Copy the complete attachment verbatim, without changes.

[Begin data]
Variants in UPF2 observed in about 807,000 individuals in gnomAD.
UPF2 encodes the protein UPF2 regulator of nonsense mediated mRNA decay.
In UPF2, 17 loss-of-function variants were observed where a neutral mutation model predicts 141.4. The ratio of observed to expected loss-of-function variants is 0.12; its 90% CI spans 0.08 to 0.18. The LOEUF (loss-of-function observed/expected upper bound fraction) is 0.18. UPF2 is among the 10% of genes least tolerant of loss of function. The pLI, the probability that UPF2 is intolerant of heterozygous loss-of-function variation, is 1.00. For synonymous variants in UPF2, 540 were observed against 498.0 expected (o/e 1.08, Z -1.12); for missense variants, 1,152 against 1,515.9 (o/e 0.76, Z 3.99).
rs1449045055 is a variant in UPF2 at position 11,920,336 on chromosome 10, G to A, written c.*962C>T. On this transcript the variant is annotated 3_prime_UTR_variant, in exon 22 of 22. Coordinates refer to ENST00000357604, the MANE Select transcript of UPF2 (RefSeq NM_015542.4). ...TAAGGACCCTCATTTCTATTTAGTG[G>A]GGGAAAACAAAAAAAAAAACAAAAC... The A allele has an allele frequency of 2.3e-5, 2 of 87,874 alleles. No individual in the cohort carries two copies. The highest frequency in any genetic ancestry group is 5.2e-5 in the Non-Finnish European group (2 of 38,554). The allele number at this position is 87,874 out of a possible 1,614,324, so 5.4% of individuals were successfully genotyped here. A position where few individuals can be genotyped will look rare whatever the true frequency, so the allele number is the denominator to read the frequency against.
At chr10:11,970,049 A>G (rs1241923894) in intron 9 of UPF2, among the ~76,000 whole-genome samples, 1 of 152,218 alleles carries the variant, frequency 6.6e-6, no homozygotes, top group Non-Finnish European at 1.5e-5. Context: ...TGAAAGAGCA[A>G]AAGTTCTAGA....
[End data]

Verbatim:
Variants in UPF2 observed in about 807,000 individuals in gnomAD.
UPF2 encodes the protein UPF2 regulator of nonsense mediated mRNA decay.
In UPF2, 17 loss-of-function variants were observed where a neutral mutation model predicts 141.4. The ratio of observed to expected loss-of-function variants is 0.12; its 90% CI spans 0.08 to 0.18. The LOEUF (loss-of-function observed/expected upper bound fraction) is 0.18. UPF2 is among the 10% of genes least tolerant of loss of function. The pLI, the probability that UPF2 is intolerant of heterozygous loss-of-function variation, is 1.00. For synonymous variants in UPF2, 540 were observed against 498.0 expected (o/e 1.08, Z -1.12); for missense variants, 1,152 against 1,515.9 (o/e 0.76, Z 3.99).
rs1449045055 is a variant in UPF2 at position 11,920,336 on chromosome 10, G to A, written c.*962C>T. On this transcript the variant is annotated 3_prime_UTR_variant, in exon 22 of 22. Coordinates refer to ENST00000357604, the MANE Select transcript of UPF2 (RefSeq NM_015542.4). ...TAAGGACCCTCATTTCTATTTAGTG[G>A]GGGAAAACAAAAAAAAAAACAAAAC... The A allele has an allele frequency of 2.3e-5, 2 of 87,874 alleles. No individual in the cohort carries two copies. The highest frequency in any genetic ancestry group is 5.2e-5 in the Non-Finnish European group (2 of 38,554). The allele number at this position is 87,874 out of a possible 1,614,324, so 5.4% of individuals were successfully genotyped here. A position where few individuals can be genotyped will look rare whatever the true frequency, so the allele number is the denominator to read the frequency against.
At chr10:11,970,049 A>G (rs1241923894) in intron 9 of UPF2, among the ~76,000 whole-genome samples, 1 of 152,218 alleles carries the variant, frequency 6.6e-6, no homozygotes, top group Non-Finnish European at 1.5e-5. Context: ...TGAAAGAGCA[A>G]AAGTTCTAGA....